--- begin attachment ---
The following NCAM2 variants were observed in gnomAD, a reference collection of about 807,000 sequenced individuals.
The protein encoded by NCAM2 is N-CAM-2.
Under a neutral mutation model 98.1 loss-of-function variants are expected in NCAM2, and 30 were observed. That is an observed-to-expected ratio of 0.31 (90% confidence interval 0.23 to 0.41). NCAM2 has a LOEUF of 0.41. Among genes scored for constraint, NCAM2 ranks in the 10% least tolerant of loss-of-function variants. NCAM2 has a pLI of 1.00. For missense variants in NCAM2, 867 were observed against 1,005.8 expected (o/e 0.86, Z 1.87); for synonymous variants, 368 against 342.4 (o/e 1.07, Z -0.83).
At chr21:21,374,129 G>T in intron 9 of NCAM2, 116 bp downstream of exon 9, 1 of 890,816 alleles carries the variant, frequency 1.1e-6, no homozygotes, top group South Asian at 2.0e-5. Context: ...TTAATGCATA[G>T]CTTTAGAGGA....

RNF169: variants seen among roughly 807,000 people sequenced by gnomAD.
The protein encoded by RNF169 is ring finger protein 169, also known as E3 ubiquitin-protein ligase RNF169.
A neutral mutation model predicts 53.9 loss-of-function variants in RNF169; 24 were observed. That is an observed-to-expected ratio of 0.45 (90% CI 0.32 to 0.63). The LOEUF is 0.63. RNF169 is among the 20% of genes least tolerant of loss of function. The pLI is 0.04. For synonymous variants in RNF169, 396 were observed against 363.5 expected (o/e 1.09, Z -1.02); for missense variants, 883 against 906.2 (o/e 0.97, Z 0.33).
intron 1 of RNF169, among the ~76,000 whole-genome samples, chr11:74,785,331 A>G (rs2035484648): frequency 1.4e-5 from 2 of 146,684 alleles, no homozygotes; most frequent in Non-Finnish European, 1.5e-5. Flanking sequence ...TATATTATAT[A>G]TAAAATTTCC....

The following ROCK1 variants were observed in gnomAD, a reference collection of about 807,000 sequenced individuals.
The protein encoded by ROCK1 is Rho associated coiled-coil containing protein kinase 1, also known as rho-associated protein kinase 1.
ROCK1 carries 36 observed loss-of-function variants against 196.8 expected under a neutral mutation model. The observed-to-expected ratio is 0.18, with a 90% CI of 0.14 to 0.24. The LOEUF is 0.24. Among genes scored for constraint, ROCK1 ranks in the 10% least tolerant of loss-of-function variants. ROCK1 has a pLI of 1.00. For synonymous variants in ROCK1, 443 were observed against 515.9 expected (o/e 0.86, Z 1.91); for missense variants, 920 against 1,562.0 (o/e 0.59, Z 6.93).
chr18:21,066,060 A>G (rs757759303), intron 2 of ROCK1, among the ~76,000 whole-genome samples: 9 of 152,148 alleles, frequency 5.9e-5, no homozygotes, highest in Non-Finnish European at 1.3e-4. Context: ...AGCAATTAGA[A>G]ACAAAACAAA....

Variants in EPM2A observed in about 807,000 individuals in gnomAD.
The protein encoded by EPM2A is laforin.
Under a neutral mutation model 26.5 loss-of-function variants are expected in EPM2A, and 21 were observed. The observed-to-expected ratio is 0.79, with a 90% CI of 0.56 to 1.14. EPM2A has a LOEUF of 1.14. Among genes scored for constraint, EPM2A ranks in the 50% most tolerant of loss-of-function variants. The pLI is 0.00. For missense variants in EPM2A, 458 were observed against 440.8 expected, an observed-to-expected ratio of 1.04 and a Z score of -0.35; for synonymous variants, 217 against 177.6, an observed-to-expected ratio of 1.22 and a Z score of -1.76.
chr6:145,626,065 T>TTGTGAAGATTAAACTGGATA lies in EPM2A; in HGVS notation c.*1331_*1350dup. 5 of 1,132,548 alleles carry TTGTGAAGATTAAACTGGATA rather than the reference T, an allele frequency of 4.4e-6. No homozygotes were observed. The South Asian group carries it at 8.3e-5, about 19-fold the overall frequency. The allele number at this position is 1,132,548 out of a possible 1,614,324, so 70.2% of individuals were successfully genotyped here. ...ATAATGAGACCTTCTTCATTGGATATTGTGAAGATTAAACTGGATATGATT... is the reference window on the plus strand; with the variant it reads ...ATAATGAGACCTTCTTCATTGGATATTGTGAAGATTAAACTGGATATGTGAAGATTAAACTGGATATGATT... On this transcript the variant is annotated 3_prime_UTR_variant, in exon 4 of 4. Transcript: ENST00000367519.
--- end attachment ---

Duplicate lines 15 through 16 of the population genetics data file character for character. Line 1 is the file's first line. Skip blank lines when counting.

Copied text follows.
Under a neutral mutation model 26.5 loss-of-function variants are expected in EPM2A, and 21 were observed. The observed-to-expected ratio is 0.79, with a 90% CI of 0.56 to 1.14. EPM2A has a LOEUF of 1.14. Among genes scored for constraint, EPM2A ranks in the 50% most tolerant of loss-of-function variants. The pLI is 0.00. For missense variants in EPM2A, 458 were observed against 440.8 expected, an observed-to-expected ratio of 1.04 and a Z score of -0.35; for synonymous variants, 217 against 177.6, an observed-to-expected ratio of 1.22 and a Z score of -1.76.
chr6:145,626,065 T>TTGTGAAGATTAAACTGGATA lies in EPM2A; in HGVS notation c.*1331_*1350dup. 5 of 1,132,548 alleles carry TTGTGAAGATTAAACTGGATA rather than the reference T, an allele frequency of 4.4e-6. No homozygotes were observed. The South Asian group carries it at 8.3e-5, about 19-fold the overall frequency. The allele number at this position is 1,132,548 out of a possible 1,614,324, so 70.2% of individuals were successfully genotyped here. ...ATAATGAGACCTTCTTCATTGGATATTGTGAAGATTAAACTGGATATGATT... is the reference window on the plus strand; with the variant it reads ...ATAATGAGACCTTCTTCATTGGATATTGTGAAGATTAAACTGGATATGTGAAGATTAAACTGGATATGATT... On this transcript the variant is annotated 3_prime_UTR_variant, in exon 4 of 4. Transcript: ENST00000367519.